Paul Burkhart

Homily: Good Friday 2017

TEXT: Matthew 26.36-46, 27.45-
54
26 36
Then Jesus went with them to a place called Gethsemane; and he
said to his disciples, “Sit here while I go over there and pray.” 37 He took with
him Peter and the two sons of Zebedee, and began to be grieved and
agitated. 38 Then he said to them, “I am deeply grieved, even to death;
remain here, and stay awake with me.” 39 And going a little farther, he threw
himself on the ground and prayed, “My Father, if it is possible, let this cup
pass from me; yet not what I want but what you want.” 40 Then he came to
the disciples and found them sleeping; and he said to Peter, “So, could you
not stay awake with me one hour? 41 Stay awake and pray that you may not
come into the time of trial; the spirit indeed is willing, but the flesh is weak.”
42
Again he went away for the second time and prayed, “My Father, if this
cannot pass unless I drink it, your will be done.” 43 Again he came and found
them sleeping, for their eyes were heavy. 44 So leaving them again, he went
away and prayed for the third time, saying the same words. 45 Then he came
to the disciples and said to them, “Are you still sleeping and taking your rest?
See, the hour is at hand, and the Son of Man is betrayed into the hands of
sinners. 46 Get up, let us be going. See, my betrayer is at hand.”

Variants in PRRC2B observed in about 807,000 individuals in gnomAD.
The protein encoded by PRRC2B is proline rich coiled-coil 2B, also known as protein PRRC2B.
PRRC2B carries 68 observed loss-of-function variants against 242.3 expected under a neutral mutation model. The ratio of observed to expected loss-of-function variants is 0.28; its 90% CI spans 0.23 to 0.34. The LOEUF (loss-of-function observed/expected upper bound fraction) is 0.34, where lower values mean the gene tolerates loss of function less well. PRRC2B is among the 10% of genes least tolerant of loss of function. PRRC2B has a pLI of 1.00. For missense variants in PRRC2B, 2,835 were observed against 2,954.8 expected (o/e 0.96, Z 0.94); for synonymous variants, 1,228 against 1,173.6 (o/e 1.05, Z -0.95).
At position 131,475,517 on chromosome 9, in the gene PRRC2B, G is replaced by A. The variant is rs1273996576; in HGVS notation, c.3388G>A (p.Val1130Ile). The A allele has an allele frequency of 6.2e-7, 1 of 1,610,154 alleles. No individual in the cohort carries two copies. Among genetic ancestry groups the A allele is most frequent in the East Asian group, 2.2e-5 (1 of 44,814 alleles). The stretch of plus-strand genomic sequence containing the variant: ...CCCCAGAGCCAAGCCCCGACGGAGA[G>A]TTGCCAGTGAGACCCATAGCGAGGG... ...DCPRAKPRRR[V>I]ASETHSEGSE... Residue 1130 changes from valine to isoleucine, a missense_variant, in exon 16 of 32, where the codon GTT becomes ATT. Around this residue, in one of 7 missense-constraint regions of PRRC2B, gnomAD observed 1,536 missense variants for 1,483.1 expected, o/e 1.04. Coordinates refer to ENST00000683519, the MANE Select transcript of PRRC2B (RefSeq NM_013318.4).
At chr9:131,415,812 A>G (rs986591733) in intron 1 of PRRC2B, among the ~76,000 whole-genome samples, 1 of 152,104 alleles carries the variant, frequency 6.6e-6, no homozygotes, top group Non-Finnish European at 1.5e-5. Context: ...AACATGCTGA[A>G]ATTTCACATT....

27 45
From noon on, darkness came over the whole land until three in
the afternoon. 46 And about three o’clock Jesus cried with a loud voice, “Eli,
Eli, lema sabachthani?” that is, “My God, my God, why have you forsaken
me?” 47 When some of the bystanders heard it, they said, “This man is calling
for Elijah.” 48 At once one of them ran and got a sponge, filled it with sour
wine, put it on a stick, and gave it to him to drink. 49 But the others said,
“Wait, let us see whether Elijah will come to save him.” 50 Then Jesus cried
again with a loud voice and breathed his last. 51 At that moment the curtain
of the temple was torn in two, from top to bottom. The earth shook, and the
rocks were split. 52 The tombs also were opened, and many bodies of the
saints who had fallen asleep were raised. 53 After his resurrection they came
out of the tombs and entered the holy city and appeared to many. 54 Now
when the centurion and those with him, who were keeping watch over Jesus,
saw the earthquake and what took place, they were terrified and said, “Truly
this man was God’s Son!”

Leader: This is the Gospel of the Lord
All: Praise to you, Oh Christ.
HOMILY OUTLINE
GEOGRAPHY: (a) Mt of Olives Cemetery
(b) Prayers of Jesus
(c) Through Death, Into Life

RADICAL RELEASE: (a) The Liminal Space
(b) Radical Trust and Faith
(c) Wallace Stevens: The Final No

EASTER TENSION: (a) Cosmic Good Friday to Cosmic Easter
(b) Nietzsche: God “Feels” Dead Lament
(c) Sitting in the Middle Space

GOD HAS DIED: (a) The Final No: God Has Died
(b) Existential Unknown
(c) Thomas: Rage Against the Dying of the Light

So Liberti Church, may you dwell deeply in the darkness of Good Friday,
and learn to do so well. And may we, together, rage, rage against the
dying of the light. In the name of the Father, the Son, and the Holy Spirit.
AMEN.

HOMILY
Passion Geography
(a) Mt of Olives Cemetery
(b) Prayers of Jesus
(c) Through Death, Into Life

Last year, I took a trip to Israel and walked these very steps that Jesus takes
in our story. And the most powerful place for me on that whole trip was the